President and CEO of Ford Australia Bob Graziano announces Ford will stop local manufacturing in October 2016, in Melbourne on May 23, 2013. - AFP Photo
MELBOURNE: Ford announced Thursday it would stop making vehicles at its unprofitable Australian plants in 2016 and axe 1,200 jobs, ending an era that began in 1925 with the legendary Model T.
Ford Australia chief executive Bob Graziano made the announcement as he revealed losses of Aus$141 million (US$136 million) after tax in the last financial year and Aus$600 million over the last five years.
Graziano said the decision was the result of local manufacturing being “driven by increasingly challenging market conditions – including market fragmentation and the high cost of manufacturing”.
Australia has annual sales of about 1.1 million new vehicles, and customers have access to some 65 brands and 365 models, with Holden, a General Motors subsidiary, and Toyota the other key manufacturers.
Graziano said this made Australia one of the most competitive and crowded automotive markets in the world, and a strong currency was making it harder for domestic carmakers to compete with cheap imports.
“Given the fragmented marketplace and the low model volumes that result, we decided that manufacturing locally is no longer viable,” he said, adding that all alternatives had been considered.
“Our costs are double that of Europe and nearly four times Ford in Asia,” he said.
“The business case simply did not stack up, leading us to the conclusion (that) manufacturing is not viable for Ford in Australia in the long-term.”
The jobs will go at Ford's Broadmeadows and Geelong factories in Victoria state, which will close. While manufacturing will stop, Ford will remain in Australia as an importer and dealer, employing some 1,500 people.
The government said it had spoken with the chief executives of Holden and Toyota and been assured that both were committed to manufacturing in Australia, but concerns remain.
Last month Ford's former global president Jac Nasser, now chairman at BHP Billiton, said the demise of Australian car manufacturing was inevitable if one or more producers closed down.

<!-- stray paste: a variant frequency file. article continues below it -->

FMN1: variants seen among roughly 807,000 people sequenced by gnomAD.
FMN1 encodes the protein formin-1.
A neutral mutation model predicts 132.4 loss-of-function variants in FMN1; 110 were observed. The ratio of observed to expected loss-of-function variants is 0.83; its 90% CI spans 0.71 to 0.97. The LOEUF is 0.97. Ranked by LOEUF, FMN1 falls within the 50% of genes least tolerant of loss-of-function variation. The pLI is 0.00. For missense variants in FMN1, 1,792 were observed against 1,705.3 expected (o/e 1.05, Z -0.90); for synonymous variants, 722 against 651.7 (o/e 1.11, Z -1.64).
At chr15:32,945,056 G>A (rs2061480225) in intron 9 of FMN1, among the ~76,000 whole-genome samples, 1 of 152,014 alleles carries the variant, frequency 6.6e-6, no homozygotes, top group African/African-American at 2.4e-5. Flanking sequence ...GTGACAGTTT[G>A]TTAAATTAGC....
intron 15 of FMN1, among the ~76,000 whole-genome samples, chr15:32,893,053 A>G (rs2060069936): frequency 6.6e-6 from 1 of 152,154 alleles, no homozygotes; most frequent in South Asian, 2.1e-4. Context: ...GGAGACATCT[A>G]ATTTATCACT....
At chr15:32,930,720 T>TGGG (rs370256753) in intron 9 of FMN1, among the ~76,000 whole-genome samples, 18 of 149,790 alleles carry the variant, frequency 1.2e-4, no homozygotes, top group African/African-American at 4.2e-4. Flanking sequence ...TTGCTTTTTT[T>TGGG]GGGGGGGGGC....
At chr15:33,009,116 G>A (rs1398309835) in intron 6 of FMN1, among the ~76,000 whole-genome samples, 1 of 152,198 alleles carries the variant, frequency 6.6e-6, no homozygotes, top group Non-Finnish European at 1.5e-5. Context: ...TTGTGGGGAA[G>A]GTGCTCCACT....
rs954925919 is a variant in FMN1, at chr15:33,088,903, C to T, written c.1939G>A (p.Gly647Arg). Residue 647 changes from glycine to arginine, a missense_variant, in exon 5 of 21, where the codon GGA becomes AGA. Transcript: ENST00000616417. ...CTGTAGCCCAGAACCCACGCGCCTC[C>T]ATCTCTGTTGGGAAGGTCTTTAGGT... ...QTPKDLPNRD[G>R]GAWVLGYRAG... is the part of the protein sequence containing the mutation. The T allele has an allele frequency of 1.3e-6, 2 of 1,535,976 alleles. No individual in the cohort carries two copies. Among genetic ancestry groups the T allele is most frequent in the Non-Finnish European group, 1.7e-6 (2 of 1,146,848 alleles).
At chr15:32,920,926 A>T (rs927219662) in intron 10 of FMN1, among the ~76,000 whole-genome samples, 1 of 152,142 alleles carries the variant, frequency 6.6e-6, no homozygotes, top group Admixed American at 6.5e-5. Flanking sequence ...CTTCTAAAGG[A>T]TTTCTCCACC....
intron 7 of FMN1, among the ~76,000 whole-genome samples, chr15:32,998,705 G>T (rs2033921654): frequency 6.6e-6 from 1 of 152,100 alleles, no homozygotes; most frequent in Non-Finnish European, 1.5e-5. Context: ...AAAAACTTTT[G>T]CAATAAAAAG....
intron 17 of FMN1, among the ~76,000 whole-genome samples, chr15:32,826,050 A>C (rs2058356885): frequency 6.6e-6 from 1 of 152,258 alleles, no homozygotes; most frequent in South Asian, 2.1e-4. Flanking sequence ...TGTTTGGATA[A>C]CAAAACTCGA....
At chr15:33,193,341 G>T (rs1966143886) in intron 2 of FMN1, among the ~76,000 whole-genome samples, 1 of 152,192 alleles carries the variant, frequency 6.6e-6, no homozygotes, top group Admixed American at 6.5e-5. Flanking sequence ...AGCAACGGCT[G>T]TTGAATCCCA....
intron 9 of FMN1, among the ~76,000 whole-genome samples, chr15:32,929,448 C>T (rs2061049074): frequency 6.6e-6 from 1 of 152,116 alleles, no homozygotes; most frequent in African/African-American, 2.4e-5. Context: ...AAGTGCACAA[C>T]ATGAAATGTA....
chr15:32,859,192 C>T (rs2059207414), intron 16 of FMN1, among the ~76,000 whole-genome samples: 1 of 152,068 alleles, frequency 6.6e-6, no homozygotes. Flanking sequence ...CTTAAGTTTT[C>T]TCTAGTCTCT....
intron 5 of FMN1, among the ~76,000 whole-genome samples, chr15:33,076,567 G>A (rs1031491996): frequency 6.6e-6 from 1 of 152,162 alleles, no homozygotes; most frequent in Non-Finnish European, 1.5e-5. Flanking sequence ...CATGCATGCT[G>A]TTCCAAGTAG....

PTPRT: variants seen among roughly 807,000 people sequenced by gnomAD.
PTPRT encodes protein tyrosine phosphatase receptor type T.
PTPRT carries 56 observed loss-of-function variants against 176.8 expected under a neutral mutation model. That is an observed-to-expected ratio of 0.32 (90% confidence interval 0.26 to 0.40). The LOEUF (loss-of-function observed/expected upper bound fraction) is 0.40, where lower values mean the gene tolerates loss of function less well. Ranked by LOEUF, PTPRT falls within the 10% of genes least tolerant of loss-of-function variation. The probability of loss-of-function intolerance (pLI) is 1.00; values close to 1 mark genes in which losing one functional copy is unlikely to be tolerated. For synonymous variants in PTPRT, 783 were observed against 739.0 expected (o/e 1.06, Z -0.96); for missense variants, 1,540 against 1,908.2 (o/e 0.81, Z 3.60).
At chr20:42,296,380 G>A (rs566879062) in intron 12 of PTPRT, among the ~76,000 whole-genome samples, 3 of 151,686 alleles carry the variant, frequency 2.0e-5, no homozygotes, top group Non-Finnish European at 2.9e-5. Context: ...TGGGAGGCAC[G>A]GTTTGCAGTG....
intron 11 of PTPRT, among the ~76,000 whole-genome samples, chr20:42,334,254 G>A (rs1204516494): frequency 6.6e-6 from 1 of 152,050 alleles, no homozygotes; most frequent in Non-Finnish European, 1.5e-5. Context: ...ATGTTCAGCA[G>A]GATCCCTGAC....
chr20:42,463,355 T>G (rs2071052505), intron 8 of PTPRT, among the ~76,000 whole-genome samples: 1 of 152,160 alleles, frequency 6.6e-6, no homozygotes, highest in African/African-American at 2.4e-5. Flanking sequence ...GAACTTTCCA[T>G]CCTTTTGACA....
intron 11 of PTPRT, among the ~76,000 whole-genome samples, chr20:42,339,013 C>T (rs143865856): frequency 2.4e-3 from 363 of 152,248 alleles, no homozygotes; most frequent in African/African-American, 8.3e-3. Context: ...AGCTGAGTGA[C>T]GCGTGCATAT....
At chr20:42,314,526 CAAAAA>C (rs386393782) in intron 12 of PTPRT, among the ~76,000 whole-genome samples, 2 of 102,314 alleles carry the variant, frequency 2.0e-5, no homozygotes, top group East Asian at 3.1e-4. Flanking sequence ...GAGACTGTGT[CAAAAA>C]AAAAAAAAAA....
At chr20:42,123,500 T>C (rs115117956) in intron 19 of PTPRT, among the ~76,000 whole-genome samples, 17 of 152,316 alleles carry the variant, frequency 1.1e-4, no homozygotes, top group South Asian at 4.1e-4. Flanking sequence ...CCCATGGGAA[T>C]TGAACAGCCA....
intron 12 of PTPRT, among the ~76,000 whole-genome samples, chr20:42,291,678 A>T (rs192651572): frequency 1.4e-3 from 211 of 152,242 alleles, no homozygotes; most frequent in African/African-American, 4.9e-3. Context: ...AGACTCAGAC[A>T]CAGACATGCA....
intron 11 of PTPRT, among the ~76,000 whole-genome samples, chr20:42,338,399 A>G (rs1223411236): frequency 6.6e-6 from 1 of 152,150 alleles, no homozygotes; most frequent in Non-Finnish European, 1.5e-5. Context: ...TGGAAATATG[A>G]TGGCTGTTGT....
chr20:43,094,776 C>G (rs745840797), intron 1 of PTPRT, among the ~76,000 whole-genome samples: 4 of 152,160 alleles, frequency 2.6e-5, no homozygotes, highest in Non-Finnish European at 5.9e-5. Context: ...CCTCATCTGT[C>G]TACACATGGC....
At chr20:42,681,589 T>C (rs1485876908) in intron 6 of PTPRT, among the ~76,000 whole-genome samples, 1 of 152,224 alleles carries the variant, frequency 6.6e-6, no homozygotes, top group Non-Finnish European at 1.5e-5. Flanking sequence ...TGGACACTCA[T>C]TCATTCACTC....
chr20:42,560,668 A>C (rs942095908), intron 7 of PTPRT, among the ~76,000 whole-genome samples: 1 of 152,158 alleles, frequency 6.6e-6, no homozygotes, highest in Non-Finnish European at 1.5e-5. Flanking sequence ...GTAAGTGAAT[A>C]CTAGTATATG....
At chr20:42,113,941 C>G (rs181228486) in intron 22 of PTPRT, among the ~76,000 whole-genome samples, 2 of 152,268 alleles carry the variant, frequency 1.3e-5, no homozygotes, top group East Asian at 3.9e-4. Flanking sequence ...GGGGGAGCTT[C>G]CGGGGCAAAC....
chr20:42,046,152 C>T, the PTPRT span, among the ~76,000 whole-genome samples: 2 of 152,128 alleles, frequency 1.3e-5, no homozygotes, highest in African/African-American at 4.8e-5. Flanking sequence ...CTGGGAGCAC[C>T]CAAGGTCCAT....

“Let's assume one of the three decide to exit Australia in terms of manufacturing, then you end up potentially with a sub-scale supplier infrastructure and, once that happens, I think it's a domino effect,” he said.
“It would be a very sad day for Australia, but unfortunately it looks like it could be inevitable.”
The automobile manufacturing sector employs more than 50,000 people in Australia with another 250,000 jobs in associated industries.
Australian Manufacturing Workers Union national president Paul Bastian said the Ford news was a “disaster” and voiced concern at the effect in the wider auto parts industry.
“We want to take the positives out of this. We want bipartisan support to see what we can do to ensure that we have an auto industry, that we have an industry that is sustainable,” he said.
Prime Minister Julia Gillard pledged Aus$39 million to help the Geelong and Broadmeadows communities deal with the job losses, and demanded Ford make its own contribution.
“For those working people as they absorb this news I want to say to them we will make sure you are not left behind,” she said.
Australia's auto industry is struggling with the effects of the high local dollar, which has traded near or above parity with the greenback for almost two years, squeezing exports and compounding rising production costs.
Canberra extended an Aus$3.2 billion bailout to the ailing sector at the height of the global downturn and provided additional lifelines to Ford and Holden last year.